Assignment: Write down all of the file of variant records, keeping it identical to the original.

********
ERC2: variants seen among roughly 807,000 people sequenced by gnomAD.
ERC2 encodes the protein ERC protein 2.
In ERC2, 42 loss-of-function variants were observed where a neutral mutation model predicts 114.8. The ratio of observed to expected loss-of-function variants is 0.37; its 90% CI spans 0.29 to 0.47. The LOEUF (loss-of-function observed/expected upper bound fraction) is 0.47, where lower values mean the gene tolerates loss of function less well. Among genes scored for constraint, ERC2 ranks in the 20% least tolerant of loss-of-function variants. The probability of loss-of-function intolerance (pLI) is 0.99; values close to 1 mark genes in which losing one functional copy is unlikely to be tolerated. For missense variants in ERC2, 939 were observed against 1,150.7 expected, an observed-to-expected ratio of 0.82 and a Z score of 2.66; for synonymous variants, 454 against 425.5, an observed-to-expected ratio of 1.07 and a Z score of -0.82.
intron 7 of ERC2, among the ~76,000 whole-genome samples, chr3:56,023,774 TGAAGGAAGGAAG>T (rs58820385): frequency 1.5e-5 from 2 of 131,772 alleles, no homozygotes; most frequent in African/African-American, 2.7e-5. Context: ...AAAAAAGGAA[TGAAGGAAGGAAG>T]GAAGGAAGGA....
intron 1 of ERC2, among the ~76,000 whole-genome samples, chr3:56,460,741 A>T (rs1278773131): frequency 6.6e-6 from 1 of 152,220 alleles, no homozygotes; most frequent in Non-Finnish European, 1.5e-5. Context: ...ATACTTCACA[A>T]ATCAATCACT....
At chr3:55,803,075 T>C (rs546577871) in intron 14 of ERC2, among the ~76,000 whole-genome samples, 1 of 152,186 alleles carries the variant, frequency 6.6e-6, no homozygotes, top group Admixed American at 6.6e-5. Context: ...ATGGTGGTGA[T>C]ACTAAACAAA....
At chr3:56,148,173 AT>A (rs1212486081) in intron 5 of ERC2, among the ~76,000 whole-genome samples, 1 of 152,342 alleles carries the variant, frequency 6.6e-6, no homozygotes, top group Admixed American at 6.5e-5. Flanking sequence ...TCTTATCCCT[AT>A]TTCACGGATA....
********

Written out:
ERC2: variants seen among roughly 807,000 people sequenced by gnomAD.
ERC2 encodes the protein ERC protein 2.
In ERC2, 42 loss-of-function variants were observed where a neutral mutation model predicts 114.8. The ratio of observed to expected loss-of-function variants is 0.37; its 90% CI spans 0.29 to 0.47. The LOEUF (loss-of-function observed/expected upper bound fraction) is 0.47, where lower values mean the gene tolerates loss of function less well. Among genes scored for constraint, ERC2 ranks in the 20% least tolerant of loss-of-function variants. The probability of loss-of-function intolerance (pLI) is 0.99; values close to 1 mark genes in which losing one functional copy is unlikely to be tolerated. For missense variants in ERC2, 939 were observed against 1,150.7 expected, an observed-to-expected ratio of 0.82 and a Z score of 2.66; for synonymous variants, 454 against 425.5, an observed-to-expected ratio of 1.07 and a Z score of -0.82.
intron 7 of ERC2, among the ~76,000 whole-genome samples, chr3:56,023,774 TGAAGGAAGGAAG>T (rs58820385): frequency 1.5e-5 from 2 of 131,772 alleles, no homozygotes; most frequent in African/African-American, 2.7e-5. Context: ...AAAAAAGGAA[TGAAGGAAGGAAG>T]GAAGGAAGGA....
intron 1 of ERC2, among the ~76,000 whole-genome samples, chr3:56,460,741 A>T (rs1278773131): frequency 6.6e-6 from 1 of 152,220 alleles, no homozygotes; most frequent in Non-Finnish European, 1.5e-5. Context: ...ATACTTCACA[A>T]ATCAATCACT....
At chr3:55,803,075 T>C (rs546577871) in intron 14 of ERC2, among the ~76,000 whole-genome samples, 1 of 152,186 alleles carries the variant, frequency 6.6e-6, no homozygotes, top group Admixed American at 6.6e-5. Context: ...ATGGTGGTGA[T>C]ACTAAACAAA....
At chr3:56,148,173 AT>A (rs1212486081) in intron 5 of ERC2, among the ~76,000 whole-genome samples, 1 of 152,342 alleles carries the variant, frequency 6.6e-6, no homozygotes, top group Admixed American at 6.5e-5. Flanking sequence ...TCTTATCCCT[AT>A]TTCACGGATA....